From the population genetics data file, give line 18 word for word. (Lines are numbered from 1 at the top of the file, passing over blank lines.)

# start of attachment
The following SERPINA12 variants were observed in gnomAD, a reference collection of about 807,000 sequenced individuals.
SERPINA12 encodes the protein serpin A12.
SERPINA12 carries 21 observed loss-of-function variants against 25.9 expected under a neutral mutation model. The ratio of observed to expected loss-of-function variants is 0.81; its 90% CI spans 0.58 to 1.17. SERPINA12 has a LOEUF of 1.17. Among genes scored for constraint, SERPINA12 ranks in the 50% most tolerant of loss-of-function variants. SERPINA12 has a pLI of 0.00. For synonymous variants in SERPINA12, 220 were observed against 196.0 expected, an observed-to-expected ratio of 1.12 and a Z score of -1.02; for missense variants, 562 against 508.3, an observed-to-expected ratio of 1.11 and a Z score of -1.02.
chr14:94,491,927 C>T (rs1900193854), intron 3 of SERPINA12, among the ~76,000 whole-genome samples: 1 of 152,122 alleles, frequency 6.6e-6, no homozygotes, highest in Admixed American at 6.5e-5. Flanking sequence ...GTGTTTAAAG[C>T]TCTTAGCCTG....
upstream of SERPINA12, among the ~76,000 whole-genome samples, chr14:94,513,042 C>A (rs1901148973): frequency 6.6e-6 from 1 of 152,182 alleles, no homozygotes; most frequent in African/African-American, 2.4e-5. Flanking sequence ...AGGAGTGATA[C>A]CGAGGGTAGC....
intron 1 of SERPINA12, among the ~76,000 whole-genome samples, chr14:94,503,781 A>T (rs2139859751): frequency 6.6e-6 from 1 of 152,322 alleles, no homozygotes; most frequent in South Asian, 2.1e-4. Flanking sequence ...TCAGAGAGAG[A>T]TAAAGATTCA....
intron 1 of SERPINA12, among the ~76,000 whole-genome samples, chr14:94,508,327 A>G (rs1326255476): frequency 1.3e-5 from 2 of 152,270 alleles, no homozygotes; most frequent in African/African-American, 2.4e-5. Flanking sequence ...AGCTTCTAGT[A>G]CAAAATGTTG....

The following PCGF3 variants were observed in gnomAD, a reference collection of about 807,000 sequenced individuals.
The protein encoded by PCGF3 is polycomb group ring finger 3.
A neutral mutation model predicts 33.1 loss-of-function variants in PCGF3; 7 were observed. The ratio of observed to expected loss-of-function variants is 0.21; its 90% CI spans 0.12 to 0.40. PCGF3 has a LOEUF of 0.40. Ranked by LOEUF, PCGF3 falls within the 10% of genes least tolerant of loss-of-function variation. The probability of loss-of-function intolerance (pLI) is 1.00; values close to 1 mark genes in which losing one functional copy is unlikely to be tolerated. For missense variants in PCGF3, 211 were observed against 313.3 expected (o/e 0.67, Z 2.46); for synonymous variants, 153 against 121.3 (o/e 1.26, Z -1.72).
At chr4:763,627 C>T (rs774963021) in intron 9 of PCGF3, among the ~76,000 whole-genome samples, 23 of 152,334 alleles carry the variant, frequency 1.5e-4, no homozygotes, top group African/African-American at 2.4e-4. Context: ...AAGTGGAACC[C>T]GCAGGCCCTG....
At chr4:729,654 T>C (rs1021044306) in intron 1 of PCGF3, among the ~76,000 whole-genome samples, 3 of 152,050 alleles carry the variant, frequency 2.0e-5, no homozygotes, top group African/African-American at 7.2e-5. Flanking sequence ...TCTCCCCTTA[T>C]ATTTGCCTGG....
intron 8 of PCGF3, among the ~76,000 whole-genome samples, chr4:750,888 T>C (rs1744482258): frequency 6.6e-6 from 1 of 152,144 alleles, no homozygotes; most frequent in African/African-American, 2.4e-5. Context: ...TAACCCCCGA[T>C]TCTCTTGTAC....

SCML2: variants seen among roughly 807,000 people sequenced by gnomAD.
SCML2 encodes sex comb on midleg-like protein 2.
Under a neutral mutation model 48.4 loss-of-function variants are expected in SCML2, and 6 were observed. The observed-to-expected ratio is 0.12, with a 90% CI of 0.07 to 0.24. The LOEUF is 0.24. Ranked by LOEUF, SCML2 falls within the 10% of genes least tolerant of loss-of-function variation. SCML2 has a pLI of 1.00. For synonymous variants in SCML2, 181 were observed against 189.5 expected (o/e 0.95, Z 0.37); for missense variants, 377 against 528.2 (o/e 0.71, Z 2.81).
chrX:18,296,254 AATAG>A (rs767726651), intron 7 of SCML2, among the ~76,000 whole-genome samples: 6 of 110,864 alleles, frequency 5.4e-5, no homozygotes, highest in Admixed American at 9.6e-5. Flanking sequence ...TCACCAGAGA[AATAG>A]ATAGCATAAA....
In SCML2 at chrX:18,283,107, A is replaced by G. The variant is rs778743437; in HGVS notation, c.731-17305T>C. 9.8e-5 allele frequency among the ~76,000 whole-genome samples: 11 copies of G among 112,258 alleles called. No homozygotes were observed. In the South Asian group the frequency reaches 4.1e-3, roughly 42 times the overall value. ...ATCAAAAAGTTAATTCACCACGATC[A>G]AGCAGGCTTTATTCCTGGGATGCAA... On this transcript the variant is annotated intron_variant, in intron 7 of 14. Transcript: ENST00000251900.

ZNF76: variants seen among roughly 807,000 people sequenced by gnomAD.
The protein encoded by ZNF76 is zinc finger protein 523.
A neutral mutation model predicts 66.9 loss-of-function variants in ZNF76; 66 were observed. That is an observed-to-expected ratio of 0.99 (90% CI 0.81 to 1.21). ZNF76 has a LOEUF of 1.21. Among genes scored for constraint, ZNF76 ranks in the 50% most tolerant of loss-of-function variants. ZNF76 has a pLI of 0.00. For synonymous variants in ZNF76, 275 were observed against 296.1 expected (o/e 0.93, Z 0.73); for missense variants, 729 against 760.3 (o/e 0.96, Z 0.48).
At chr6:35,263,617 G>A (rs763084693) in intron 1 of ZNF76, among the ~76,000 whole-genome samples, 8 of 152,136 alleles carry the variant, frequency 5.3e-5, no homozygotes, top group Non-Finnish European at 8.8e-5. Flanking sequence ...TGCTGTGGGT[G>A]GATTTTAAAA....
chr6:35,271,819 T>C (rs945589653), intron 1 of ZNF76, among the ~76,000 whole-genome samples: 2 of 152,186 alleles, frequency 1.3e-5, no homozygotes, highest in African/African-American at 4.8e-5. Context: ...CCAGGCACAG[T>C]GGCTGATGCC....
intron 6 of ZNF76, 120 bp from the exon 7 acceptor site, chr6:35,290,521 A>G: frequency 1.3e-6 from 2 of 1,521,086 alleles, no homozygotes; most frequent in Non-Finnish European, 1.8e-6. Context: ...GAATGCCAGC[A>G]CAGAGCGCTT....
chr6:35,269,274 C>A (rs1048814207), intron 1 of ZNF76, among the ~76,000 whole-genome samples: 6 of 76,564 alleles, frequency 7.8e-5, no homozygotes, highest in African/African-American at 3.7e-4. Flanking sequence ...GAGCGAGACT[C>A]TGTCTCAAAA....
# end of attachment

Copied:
In SCML2 at chrX:18,283,107, A is replaced by G. The variant is rs778743437; in HGVS notation, c.731-17305T>C. 9.8e-5 allele frequency among the ~76,000 whole-genome samples: 11 copies of G among 112,258 alleles called. No homozygotes were observed. In the South Asian group the frequency reaches 4.1e-3, roughly 42 times the overall value. ...ATCAAAAAGTTAATTCACCACGATC[A>G]AGCAGGCTTTATTCCTGGGATGCAA... On this transcript the variant is annotated intron_variant, in intron 7 of 14. Transcript: ENST00000251900.